Kang Cho, born in Seoul, South Korea, moved to Chicago as a teenager in 1969. Though Cho displayed a talent for painting from an early age, art was not considered a proper profession in South Korea, and he anticipated training as an engineer or scientist. However, Cho’s schoolteachers in America noticed that the athletic and intelligent boy was an exceptional artist. He received a full scholarship to the American Academy of Art in Chicago.
Cho moved to Denver in 1976, thanks to the encouragement and support of his friend and mentor, painter Bill Sharer. Cho became active in the Denver art community, and he credits the group for influencing his early convictions about art. Artist Ned Jacob, in particular, helped Cho refine his drawing and color techniques. Cho was fortunate in his early career, receiving immediate attention from galleries and collectors. His determination, discipline and dedication to his work led to his longterm success.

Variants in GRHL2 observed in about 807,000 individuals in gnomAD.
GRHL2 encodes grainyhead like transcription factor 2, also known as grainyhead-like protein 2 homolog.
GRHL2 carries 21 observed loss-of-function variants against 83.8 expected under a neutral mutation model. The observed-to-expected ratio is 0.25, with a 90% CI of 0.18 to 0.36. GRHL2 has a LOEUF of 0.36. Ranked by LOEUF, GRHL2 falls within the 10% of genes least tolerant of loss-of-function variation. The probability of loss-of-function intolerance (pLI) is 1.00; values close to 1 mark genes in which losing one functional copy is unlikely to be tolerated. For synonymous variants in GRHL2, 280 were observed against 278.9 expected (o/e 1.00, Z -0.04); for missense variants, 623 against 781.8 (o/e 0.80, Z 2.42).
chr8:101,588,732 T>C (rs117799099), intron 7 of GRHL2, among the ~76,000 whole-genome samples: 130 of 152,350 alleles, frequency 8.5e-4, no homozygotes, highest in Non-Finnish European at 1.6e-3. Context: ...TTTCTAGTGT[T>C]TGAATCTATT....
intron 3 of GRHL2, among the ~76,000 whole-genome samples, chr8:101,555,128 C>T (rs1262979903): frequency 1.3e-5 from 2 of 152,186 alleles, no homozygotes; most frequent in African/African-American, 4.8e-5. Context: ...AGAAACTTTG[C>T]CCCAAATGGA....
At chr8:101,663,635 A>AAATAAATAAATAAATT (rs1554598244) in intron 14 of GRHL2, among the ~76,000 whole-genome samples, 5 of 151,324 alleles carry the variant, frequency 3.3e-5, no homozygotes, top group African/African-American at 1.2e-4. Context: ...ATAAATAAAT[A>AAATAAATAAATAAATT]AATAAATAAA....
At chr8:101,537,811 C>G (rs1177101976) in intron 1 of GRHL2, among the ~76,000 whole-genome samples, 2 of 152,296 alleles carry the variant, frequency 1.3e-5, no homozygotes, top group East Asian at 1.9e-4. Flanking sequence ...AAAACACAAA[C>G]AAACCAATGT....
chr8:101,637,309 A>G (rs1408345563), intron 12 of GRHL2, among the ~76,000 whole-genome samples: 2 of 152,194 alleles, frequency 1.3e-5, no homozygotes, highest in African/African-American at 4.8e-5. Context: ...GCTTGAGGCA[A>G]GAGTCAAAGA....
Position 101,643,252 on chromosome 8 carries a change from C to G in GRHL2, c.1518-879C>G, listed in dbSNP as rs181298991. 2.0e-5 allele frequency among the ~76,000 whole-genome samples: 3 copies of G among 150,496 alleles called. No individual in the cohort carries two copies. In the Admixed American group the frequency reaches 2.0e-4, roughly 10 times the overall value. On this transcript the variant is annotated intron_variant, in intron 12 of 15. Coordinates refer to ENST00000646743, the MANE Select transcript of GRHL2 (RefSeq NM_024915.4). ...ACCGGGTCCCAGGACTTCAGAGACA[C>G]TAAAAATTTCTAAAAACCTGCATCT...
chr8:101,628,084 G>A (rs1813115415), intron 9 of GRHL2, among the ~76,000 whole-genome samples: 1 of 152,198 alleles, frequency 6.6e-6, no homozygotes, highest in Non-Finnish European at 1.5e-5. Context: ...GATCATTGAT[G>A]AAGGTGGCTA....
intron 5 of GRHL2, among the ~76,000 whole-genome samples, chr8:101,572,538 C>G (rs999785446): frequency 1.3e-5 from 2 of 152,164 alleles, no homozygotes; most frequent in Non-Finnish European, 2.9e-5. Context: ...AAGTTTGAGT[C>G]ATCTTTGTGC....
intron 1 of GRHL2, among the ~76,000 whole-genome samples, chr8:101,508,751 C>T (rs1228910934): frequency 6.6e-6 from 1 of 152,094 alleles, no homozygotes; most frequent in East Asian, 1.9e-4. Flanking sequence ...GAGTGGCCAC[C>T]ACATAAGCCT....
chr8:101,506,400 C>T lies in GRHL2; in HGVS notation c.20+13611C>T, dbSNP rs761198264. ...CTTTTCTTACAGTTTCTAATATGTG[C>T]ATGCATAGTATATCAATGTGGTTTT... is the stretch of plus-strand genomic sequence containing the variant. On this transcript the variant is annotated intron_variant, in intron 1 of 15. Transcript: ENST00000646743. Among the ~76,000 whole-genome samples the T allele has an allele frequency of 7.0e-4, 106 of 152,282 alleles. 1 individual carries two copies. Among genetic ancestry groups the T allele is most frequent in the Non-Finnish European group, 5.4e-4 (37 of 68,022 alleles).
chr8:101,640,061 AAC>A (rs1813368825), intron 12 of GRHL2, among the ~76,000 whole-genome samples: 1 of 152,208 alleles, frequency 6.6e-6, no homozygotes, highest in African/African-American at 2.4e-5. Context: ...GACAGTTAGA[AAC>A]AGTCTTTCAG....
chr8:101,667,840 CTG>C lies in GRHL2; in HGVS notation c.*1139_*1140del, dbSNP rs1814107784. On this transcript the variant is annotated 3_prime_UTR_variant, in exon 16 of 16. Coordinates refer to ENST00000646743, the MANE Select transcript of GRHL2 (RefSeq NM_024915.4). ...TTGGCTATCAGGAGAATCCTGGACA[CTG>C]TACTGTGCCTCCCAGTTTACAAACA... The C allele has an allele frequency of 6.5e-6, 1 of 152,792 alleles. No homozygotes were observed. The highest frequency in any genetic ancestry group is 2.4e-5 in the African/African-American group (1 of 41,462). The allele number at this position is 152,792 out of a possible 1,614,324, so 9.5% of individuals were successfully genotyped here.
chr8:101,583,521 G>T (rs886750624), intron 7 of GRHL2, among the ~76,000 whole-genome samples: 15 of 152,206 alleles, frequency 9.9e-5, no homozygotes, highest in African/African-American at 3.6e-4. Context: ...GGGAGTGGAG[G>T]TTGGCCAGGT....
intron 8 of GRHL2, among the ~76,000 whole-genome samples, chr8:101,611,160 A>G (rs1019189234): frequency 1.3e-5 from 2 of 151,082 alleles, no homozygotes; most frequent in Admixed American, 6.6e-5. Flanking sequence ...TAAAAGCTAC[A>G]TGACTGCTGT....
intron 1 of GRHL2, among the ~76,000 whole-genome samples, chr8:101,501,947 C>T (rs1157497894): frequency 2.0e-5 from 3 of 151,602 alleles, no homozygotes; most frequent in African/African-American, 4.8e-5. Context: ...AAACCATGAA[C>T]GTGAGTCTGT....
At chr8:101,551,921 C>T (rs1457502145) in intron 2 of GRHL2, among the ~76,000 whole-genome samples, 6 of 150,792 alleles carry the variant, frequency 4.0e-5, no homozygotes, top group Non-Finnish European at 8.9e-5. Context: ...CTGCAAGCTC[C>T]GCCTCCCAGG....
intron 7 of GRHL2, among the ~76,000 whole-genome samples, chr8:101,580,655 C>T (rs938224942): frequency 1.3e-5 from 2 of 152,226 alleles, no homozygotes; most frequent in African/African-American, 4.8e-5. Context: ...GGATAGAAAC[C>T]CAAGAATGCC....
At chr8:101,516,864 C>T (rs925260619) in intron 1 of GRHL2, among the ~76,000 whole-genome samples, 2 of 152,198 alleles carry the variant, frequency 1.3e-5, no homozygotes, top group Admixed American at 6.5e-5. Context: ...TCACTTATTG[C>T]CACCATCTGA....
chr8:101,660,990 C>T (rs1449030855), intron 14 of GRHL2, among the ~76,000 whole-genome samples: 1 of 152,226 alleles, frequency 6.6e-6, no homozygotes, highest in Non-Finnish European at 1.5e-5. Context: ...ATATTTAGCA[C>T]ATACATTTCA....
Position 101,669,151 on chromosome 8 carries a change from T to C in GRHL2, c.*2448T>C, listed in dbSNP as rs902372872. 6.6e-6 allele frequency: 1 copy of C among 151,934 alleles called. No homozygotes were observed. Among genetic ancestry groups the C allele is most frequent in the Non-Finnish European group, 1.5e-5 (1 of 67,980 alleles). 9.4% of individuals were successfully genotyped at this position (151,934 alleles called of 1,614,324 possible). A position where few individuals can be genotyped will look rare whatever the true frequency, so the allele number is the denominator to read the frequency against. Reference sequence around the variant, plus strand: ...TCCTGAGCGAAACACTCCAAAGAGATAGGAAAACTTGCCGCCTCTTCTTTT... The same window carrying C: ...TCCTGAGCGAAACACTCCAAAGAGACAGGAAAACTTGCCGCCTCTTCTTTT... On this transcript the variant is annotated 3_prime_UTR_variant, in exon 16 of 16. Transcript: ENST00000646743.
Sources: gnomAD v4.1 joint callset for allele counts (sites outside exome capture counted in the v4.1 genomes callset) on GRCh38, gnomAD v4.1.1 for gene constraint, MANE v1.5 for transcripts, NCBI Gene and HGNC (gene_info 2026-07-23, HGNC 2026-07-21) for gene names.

Cho’s work has received many awards, including the Elizabeth T. Greenshields Grant International Competition and the Anna Lee Stacey Scholarship Grant National Competition. He paints a wide range subjects – moments in nature and expressions of the human form – with a focus on painting what he sees. Today, Cho lives and paints in Santa Fe, capturing the myriad colors and subtle light of New Mexico.